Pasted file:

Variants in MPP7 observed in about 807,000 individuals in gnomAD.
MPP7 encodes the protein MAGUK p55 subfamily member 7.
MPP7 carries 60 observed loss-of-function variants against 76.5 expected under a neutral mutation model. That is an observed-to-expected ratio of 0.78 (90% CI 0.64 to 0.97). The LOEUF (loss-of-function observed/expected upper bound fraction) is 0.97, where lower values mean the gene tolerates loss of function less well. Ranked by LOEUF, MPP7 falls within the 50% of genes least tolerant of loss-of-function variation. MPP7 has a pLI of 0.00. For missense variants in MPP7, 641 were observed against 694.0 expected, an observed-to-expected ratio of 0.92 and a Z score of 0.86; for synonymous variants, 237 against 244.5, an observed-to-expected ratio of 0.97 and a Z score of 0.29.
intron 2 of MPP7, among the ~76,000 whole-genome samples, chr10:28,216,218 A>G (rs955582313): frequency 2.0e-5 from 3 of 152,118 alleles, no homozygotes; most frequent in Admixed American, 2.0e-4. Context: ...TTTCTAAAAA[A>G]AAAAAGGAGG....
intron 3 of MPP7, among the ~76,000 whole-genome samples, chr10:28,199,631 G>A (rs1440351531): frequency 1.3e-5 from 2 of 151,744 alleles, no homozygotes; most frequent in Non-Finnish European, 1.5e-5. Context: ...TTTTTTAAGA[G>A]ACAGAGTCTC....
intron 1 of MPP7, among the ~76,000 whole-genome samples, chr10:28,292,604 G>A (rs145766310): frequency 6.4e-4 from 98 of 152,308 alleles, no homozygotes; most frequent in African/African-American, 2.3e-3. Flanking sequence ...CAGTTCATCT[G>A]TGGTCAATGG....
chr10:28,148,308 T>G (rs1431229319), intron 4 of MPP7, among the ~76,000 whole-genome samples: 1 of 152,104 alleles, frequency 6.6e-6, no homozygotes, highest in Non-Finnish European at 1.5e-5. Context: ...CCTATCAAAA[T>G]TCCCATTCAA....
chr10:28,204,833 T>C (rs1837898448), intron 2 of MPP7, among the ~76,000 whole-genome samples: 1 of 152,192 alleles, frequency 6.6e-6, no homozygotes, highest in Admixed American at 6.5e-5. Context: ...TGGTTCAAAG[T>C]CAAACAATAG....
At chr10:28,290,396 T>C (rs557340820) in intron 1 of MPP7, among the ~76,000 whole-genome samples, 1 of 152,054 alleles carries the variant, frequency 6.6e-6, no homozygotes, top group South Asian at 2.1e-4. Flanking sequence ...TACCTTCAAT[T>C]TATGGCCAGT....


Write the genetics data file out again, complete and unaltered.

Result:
Variants in MPP7 observed in about 807,000 individuals in gnomAD.
MPP7 encodes the protein MAGUK p55 subfamily member 7.
MPP7 carries 60 observed loss-of-function variants against 76.5 expected under a neutral mutation model. That is an observed-to-expected ratio of 0.78 (90% CI 0.64 to 0.97). The LOEUF (loss-of-function observed/expected upper bound fraction) is 0.97, where lower values mean the gene tolerates loss of function less well. Ranked by LOEUF, MPP7 falls within the 50% of genes least tolerant of loss-of-function variation. MPP7 has a pLI of 0.00. For missense variants in MPP7, 641 were observed against 694.0 expected, an observed-to-expected ratio of 0.92 and a Z score of 0.86; for synonymous variants, 237 against 244.5, an observed-to-expected ratio of 0.97 and a Z score of 0.29.
intron 2 of MPP7, among the ~76,000 whole-genome samples, chr10:28,216,218 A>G (rs955582313): frequency 2.0e-5 from 3 of 152,118 alleles, no homozygotes; most frequent in Admixed American, 2.0e-4. Context: ...TTTCTAAAAA[A>G]AAAAAGGAGG....
intron 3 of MPP7, among the ~76,000 whole-genome samples, chr10:28,199,631 G>A (rs1440351531): frequency 1.3e-5 from 2 of 151,744 alleles, no homozygotes; most frequent in Non-Finnish European, 1.5e-5. Context: ...TTTTTTAAGA[G>A]ACAGAGTCTC....
intron 1 of MPP7, among the ~76,000 whole-genome samples, chr10:28,292,604 G>A (rs145766310): frequency 6.4e-4 from 98 of 152,308 alleles, no homozygotes; most frequent in African/African-American, 2.3e-3. Flanking sequence ...CAGTTCATCT[G>A]TGGTCAATGG....
chr10:28,148,308 T>G (rs1431229319), intron 4 of MPP7, among the ~76,000 whole-genome samples: 1 of 152,104 alleles, frequency 6.6e-6, no homozygotes, highest in Non-Finnish European at 1.5e-5. Context: ...CCTATCAAAA[T>G]TCCCATTCAA....
chr10:28,204,833 T>C (rs1837898448), intron 2 of MPP7, among the ~76,000 whole-genome samples: 1 of 152,192 alleles, frequency 6.6e-6, no homozygotes, highest in Admixed American at 6.5e-5. Context: ...TGGTTCAAAG[T>C]CAAACAATAG....
At chr10:28,290,396 T>C (rs557340820) in intron 1 of MPP7, among the ~76,000 whole-genome samples, 1 of 152,054 alleles carries the variant, frequency 6.6e-6, no homozygotes, top group South Asian at 2.1e-4. Flanking sequence ...TACCTTCAAT[T>C]TATGGCCAGT....